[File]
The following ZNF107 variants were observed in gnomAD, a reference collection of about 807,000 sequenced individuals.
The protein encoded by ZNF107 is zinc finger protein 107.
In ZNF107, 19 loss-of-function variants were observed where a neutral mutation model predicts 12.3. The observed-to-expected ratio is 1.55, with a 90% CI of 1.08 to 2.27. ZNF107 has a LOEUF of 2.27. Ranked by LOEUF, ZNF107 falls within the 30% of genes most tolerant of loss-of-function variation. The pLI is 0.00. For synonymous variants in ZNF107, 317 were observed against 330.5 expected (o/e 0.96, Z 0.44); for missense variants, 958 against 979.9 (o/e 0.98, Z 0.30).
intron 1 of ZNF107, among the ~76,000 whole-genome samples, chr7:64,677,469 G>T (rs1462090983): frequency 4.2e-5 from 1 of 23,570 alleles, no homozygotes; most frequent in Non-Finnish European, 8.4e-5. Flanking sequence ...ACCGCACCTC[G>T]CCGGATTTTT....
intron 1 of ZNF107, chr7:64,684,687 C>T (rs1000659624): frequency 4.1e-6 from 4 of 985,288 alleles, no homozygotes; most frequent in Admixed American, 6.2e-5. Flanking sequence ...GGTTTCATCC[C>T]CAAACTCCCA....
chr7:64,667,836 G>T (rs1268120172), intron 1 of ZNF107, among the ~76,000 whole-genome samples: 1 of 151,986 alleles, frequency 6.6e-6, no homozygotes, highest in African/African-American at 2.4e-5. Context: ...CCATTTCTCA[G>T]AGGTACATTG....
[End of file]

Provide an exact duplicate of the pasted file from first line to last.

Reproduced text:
The following ZNF107 variants were observed in gnomAD, a reference collection of about 807,000 sequenced individuals.
The protein encoded by ZNF107 is zinc finger protein 107.
In ZNF107, 19 loss-of-function variants were observed where a neutral mutation model predicts 12.3. The observed-to-expected ratio is 1.55, with a 90% CI of 1.08 to 2.27. ZNF107 has a LOEUF of 2.27. Ranked by LOEUF, ZNF107 falls within the 30% of genes most tolerant of loss-of-function variation. The pLI is 0.00. For synonymous variants in ZNF107, 317 were observed against 330.5 expected (o/e 0.96, Z 0.44); for missense variants, 958 against 979.9 (o/e 0.98, Z 0.30).
intron 1 of ZNF107, among the ~76,000 whole-genome samples, chr7:64,677,469 G>T (rs1462090983): frequency 4.2e-5 from 1 of 23,570 alleles, no homozygotes; most frequent in Non-Finnish European, 8.4e-5. Flanking sequence ...ACCGCACCTC[G>T]CCGGATTTTT....
intron 1 of ZNF107, chr7:64,684,687 C>T (rs1000659624): frequency 4.1e-6 from 4 of 985,288 alleles, no homozygotes; most frequent in Admixed American, 6.2e-5. Flanking sequence ...GGTTTCATCC[C>T]CAAACTCCCA....
chr7:64,667,836 G>T (rs1268120172), intron 1 of ZNF107, among the ~76,000 whole-genome samples: 1 of 151,986 alleles, frequency 6.6e-6, no homozygotes, highest in African/African-American at 2.4e-5. Context: ...CCATTTCTCA[G>T]AGGTACATTG....